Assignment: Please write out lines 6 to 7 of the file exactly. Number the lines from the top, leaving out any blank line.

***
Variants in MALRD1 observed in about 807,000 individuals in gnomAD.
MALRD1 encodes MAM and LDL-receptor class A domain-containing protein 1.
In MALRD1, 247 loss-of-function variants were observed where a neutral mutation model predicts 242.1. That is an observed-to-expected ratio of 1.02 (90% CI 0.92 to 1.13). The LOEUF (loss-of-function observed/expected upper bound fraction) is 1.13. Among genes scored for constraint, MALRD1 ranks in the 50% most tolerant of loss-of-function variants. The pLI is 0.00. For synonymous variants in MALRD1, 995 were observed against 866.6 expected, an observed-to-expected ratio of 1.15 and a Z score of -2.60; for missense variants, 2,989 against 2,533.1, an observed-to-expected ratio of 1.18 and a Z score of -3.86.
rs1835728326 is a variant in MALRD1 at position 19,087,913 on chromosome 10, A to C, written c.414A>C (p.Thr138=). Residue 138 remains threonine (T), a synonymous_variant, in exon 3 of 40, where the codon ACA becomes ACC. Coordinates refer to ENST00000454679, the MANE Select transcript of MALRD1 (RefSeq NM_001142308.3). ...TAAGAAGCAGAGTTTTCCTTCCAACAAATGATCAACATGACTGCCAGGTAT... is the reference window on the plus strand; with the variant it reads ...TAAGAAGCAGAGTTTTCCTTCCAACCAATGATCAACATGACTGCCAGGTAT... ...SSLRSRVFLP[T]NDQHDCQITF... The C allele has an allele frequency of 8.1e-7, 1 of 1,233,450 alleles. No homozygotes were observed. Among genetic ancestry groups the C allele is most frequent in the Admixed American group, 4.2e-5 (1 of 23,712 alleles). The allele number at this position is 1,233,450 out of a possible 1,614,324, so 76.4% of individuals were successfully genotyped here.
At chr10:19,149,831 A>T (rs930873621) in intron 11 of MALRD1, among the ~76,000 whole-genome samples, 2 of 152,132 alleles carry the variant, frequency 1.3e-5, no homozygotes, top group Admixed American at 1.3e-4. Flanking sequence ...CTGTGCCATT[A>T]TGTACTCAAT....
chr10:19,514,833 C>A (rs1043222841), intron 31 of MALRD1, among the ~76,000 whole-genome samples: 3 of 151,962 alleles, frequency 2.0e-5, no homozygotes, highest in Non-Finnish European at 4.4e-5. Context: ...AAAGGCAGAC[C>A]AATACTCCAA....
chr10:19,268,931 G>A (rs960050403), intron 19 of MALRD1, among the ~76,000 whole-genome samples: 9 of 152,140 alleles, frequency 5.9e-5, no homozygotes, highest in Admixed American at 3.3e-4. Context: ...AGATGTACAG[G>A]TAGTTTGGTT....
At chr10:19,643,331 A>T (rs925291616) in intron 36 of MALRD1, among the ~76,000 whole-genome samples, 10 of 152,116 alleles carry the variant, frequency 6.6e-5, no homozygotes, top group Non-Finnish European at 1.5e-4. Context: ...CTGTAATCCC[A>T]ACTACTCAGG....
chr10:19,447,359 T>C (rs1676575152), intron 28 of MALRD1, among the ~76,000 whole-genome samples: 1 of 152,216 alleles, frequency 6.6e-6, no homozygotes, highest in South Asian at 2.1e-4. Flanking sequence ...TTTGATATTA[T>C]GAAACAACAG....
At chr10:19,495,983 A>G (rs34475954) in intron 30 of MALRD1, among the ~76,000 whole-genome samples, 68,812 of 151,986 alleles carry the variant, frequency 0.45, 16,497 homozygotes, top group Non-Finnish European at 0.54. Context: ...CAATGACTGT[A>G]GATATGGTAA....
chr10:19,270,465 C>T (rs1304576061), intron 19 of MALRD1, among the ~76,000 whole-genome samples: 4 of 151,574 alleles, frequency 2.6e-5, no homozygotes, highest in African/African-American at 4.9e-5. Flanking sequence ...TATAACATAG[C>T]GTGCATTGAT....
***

chr10:19,514,833 C>A (rs1043222841), intron 31 of MALRD1, among the ~76,000 whole-genome samples: 3 of 151,962 alleles, frequency 2.0e-5, no homozygotes, highest in Non-Finnish European at 4.4e-5. Context: ...AAAGGCAGAC[C>A]AATACTCCAA....
chr10:19,268,931 G>A (rs960050403), intron 19 of MALRD1, among the ~76,000 whole-genome samples: 9 of 152,140 alleles, frequency 5.9e-5, no homozygotes, highest in Admixed American at 3.3e-4. Context: ...AGATGTACAG[G>A]TAGTTTGGTT....